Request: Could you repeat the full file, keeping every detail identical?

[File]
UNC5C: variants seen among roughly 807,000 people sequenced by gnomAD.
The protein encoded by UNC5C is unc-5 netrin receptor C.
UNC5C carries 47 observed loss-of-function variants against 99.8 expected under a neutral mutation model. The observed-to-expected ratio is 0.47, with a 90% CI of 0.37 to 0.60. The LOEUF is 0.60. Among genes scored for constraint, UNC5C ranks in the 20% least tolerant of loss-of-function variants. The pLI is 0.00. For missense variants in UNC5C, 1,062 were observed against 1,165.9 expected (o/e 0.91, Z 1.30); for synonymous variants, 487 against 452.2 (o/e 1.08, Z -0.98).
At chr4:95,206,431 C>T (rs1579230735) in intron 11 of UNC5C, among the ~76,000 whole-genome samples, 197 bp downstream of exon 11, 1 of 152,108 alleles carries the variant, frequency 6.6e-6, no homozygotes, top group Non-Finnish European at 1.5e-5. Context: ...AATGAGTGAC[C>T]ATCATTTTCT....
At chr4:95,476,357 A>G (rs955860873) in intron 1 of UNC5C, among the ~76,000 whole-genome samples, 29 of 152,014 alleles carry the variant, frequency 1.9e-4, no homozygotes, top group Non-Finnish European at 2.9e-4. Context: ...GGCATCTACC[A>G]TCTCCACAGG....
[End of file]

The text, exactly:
UNC5C: variants seen among roughly 807,000 people sequenced by gnomAD.
The protein encoded by UNC5C is unc-5 netrin receptor C.
UNC5C carries 47 observed loss-of-function variants against 99.8 expected under a neutral mutation model. The observed-to-expected ratio is 0.47, with a 90% CI of 0.37 to 0.60. The LOEUF is 0.60. Among genes scored for constraint, UNC5C ranks in the 20% least tolerant of loss-of-function variants. The pLI is 0.00. For missense variants in UNC5C, 1,062 were observed against 1,165.9 expected (o/e 0.91, Z 1.30); for synonymous variants, 487 against 452.2 (o/e 1.08, Z -0.98).
At chr4:95,206,431 C>T (rs1579230735) in intron 11 of UNC5C, among the ~76,000 whole-genome samples, 197 bp downstream of exon 11, 1 of 152,108 alleles carries the variant, frequency 6.6e-6, no homozygotes, top group Non-Finnish European at 1.5e-5. Context: ...AATGAGTGAC[C>T]ATCATTTTCT....
At chr4:95,476,357 A>G (rs955860873) in intron 1 of UNC5C, among the ~76,000 whole-genome samples, 29 of 152,014 alleles carry the variant, frequency 1.9e-4, no homozygotes, top group Non-Finnish European at 2.9e-4. Context: ...GGCATCTACC[A>G]TCTCCACAGG....